Breastfeeding, Loud and Proud

Breastfeeding, Loud and Proud

Before becoming a mother, I thought I would be a bold breastfeeder, nursing my babe on street corners and thumbing my finger at anybody who dared object. Yet when my first child was born a few years back, I found … Continue reading

If You Want to Make God Laugh… Have a Baby (part one)

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One of the first shots of our little munchkin.

If anything is a test of how good you are at rolling with the punches, it’s bringing a new life into the world. For many women, this becomes obvious during pregnancy: morning sickness, swollen ankles, back pain, and ever-changing breast size are just a few of the physical manifestations of the fact that you are no longer in control. I had a relatively easy pregnancy: the only negative symptom I had was a little lower back pain in the last month. Other than that, Callum was a good little passenger: being pregnant cured me of my allergies and migraines, I wasn’t sick once for the duration, and my little guy reassured me he was healthy with relatively frequent little kicks.

All the complications that I avoided during my pregnancy, though, were made up for during delivery. I had planned a natural hospital birth with a midwife, but by the time we got to the hospital, that plan had flown out the window: I was having overlapping contractions with no chance to catch my breath in between, and I wanted an epidural (stat!). When my midwife arrived at the hospital to examine me, she was shocked at the amount of blood I was losing and quickly transferred my care to an obstetrician. Further examination revealed that I had a placental abruption and that Callum was posterior.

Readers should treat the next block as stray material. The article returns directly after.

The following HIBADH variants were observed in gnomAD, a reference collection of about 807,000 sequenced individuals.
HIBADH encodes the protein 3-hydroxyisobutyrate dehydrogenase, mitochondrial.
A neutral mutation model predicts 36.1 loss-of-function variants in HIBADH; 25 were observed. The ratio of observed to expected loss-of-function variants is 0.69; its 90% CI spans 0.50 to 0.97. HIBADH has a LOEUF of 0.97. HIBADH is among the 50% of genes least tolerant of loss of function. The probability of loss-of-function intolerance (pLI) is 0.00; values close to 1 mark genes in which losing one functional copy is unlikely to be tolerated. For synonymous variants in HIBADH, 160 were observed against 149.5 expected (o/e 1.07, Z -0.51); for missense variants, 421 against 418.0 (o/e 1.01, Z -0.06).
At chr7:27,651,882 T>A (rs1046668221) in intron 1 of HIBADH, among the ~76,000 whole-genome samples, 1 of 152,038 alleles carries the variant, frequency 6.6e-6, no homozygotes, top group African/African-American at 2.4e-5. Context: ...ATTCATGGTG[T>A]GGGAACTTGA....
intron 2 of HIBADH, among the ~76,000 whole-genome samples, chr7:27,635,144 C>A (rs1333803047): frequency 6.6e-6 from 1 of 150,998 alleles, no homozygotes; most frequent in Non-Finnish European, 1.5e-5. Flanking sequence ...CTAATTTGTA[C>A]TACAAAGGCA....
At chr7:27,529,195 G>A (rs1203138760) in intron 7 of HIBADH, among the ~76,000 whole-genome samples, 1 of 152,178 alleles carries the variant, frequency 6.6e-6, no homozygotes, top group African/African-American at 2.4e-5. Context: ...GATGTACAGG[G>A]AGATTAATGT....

Despite deciding on the drive over to let go of my plans for a natural childbirth, it was a long time before I got my epidural. We arrived at the hospital at 5:00 p.m., but the anesthesiologist was in the ER until midnight. When he finally arrived, I was so grateful for the relief that he provided me that I will never forget that man’s face! (It might also help that he was a dead ringer for Dom DeLuise.) Once the epidural kicked in, I spoke the first coherent words I had since about 4 p.m., when my water had broken.

After taking a quick rest, I pushed for several hours to no avail. Although Callum was descending when I pushed, he ascended each time I stopped. When the obstetrician eventually told me I would need to have a caesarian because Callum was in distress, I was too concerned for my baby’s wellbeing to be concerned about my plans. Callum was finally delivered at 5:06 a.m., weighing in at a healthy 8 lbs 13 oz. He needed medical attention at first but was soon testing the power of air in his lungs. Although we had planned to get out of the hospital within the first day, we actually spent three days there, due to the caesarian. As it turned out, I was happy for the extra support once this new little life had been placed in my hands.

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And baby makes three: first family photo.

Thankfully, I wasn’t so attached to any of my birth plans that I was heartbroken by the changes to them. I had brought music, pillows, candles… you name it. If it had been recommended as something that might make me more comfortable during labour, I had it. We chose the hospital based in part on the fact that it had tubs that women could labour in. In the end, I didn’t use any of these things, and in the end, I didn’t care who was present for Callum’s delivery. I just wanted my baby delivered safely, whatever that meant.

Next up: Bringing baby home, and how that compares to expectations.